Have you noticed that HVDN has not posted much about DMR or even things relating to the different digital voice modes for a while? Did you look closely at the photo above for some laughs?
Our focus has been on community growth and awareness via the massive June Hudson River Radio Relay event, a mini QRP HVDN field day, helping to support the USMA at West Point triathlon via APRStt this past August and most recently, spending the day at the Old Rhinebeck Aerodrome to support the OMARC K2A effort.
Plus, with a new weekly commitment to support UNDR Net, there has not been much free time to do much else this summer as HVDN prepares for a series of fall season events.
A reminder from Brian W2BRM today that we have not chatted in a while, made me think I should go find something interesting to write about related to Pi-Star as I try to find the time to do a short video about a duplex hotspot to be included in Pete N2MCI's upcoming presentation about the basics of hotspots to the OMARC club coming up in a few weeks time.
Many people are afraid to touch certain buttons in Pi-Star, but I am not one of those. Most people use a hotspot to just provide communications for themselves which means your hotspot is in private mode and only lets a radio programmed with your DMR ID to use your hotspot.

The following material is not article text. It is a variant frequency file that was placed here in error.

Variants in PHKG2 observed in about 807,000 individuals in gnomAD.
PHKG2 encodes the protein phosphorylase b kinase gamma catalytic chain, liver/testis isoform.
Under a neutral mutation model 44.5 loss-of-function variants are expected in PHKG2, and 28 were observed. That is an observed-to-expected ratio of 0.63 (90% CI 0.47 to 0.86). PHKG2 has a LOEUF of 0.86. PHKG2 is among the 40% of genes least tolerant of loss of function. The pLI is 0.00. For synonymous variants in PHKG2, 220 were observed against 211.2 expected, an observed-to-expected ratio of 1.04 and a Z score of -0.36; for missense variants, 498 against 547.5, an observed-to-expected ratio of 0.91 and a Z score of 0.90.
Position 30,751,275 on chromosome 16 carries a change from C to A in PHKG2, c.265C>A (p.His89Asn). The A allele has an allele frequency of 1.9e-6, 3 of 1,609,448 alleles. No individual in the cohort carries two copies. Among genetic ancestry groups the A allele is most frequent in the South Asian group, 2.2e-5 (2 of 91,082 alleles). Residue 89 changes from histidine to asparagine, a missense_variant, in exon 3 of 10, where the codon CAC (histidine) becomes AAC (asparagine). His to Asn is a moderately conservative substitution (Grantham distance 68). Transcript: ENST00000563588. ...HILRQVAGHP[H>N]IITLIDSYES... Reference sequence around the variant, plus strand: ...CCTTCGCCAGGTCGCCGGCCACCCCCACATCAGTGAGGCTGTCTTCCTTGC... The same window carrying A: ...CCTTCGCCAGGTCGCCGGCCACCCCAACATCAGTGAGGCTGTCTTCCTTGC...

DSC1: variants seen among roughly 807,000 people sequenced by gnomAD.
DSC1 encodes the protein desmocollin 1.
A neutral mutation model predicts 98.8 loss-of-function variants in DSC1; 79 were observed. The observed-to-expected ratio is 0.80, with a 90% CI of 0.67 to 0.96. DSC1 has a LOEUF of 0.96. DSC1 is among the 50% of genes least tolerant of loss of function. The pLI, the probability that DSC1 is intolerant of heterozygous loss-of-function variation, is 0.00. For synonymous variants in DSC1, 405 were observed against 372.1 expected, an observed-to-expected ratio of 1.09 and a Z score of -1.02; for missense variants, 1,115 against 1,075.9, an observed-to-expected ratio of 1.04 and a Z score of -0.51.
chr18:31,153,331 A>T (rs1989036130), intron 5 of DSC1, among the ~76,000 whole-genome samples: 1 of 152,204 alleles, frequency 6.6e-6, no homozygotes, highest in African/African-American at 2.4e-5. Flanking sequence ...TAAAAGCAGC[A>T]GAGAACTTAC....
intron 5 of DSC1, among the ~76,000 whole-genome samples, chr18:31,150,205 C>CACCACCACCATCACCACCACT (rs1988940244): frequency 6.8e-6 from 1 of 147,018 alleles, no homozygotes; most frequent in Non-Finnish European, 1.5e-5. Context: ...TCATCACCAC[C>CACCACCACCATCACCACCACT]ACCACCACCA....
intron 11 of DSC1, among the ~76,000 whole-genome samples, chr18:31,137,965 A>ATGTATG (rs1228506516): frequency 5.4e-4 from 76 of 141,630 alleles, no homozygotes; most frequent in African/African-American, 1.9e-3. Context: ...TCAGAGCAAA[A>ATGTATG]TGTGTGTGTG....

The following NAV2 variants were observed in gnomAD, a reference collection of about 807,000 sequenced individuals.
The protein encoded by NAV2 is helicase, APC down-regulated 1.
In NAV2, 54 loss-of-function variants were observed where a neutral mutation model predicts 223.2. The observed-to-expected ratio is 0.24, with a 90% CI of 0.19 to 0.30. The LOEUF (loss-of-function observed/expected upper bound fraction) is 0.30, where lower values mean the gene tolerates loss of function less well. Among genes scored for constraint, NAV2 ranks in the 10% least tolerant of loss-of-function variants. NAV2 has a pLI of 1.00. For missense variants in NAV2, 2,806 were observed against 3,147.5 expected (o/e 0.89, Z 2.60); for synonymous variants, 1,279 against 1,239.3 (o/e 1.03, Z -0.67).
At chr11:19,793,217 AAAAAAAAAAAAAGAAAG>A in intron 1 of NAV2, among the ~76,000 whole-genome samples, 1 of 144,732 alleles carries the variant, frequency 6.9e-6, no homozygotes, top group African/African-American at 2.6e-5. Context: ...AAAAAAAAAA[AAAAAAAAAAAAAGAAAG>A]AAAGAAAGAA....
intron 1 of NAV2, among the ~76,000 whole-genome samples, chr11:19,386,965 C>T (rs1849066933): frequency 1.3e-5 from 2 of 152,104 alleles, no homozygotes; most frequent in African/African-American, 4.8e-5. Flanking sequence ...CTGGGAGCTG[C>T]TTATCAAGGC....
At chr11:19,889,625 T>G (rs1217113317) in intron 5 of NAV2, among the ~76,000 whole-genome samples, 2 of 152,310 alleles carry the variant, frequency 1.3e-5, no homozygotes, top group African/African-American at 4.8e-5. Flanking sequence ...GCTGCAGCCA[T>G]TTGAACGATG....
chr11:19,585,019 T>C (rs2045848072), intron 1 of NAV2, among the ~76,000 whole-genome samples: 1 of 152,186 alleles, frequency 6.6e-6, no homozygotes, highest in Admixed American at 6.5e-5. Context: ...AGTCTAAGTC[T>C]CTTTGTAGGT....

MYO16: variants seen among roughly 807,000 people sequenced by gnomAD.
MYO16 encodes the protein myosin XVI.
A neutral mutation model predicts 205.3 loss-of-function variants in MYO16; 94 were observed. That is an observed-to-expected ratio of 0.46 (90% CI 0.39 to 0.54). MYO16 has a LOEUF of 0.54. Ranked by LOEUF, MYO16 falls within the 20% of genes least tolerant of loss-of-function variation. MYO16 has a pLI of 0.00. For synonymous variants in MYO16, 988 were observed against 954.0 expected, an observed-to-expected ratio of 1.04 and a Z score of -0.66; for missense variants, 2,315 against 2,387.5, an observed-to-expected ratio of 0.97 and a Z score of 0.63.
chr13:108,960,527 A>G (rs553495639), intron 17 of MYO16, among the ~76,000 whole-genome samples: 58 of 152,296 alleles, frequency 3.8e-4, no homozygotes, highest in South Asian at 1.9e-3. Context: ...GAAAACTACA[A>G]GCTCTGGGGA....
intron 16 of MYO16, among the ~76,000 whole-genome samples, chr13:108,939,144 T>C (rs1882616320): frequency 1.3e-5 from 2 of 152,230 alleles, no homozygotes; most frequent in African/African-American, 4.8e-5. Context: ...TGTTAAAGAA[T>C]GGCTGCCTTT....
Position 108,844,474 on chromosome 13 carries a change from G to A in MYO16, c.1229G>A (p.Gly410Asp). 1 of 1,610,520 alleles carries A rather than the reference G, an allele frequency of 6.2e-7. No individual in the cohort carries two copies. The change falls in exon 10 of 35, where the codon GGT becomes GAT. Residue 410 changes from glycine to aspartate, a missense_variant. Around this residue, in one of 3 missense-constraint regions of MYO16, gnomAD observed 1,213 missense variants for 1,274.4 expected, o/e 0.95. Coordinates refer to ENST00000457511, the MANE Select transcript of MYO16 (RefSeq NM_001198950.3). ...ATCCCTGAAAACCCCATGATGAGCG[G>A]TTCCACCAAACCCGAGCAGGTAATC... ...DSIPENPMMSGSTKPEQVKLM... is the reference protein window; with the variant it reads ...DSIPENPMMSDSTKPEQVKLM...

If you click the button under "General Configuration" from private to public, here is what will happen.
Up until recently, changing to a "public" hotspot would allow for anyone to use your hotspot. This is helpful at public events as an example if many people have a DMR radio and it makes sense for them to all be on one hotspot for internet communications, while local use can take place via a standard simplex channel.
If you want anyone to be able to use your hotspot, leave the "DMR Access List" box blank.
Alternatively, you can add a list of DMR ID's separated by a comma which would allow only your closest trusted friends to also use your hotspot.
Be sure to remember to hit "apply changes" when adding or deleting DMR ID's.
Bigger picture use case
Now, lets say your club has a DMR repeater that is managed by a Pi-Star interface on your favorite DMR network like Brandmeister or TGIF. Using this feature could be helpful to ensure that only members of your club are permitted to use the DMR repeater instead of anyone else.
While this can be considered exclusionary and not the best way to portray amateur radio, this feature may be helpful to help promote the use of certain talk groups on a repeater rather than a hotspot. Should an issue happen where preventing a specific user is needed, this feature can permit that also.
There are many ways this feature can be used, so feel free to share some comments below on how you may wish to use this or not.
-Steve K2GOG & HVDN Team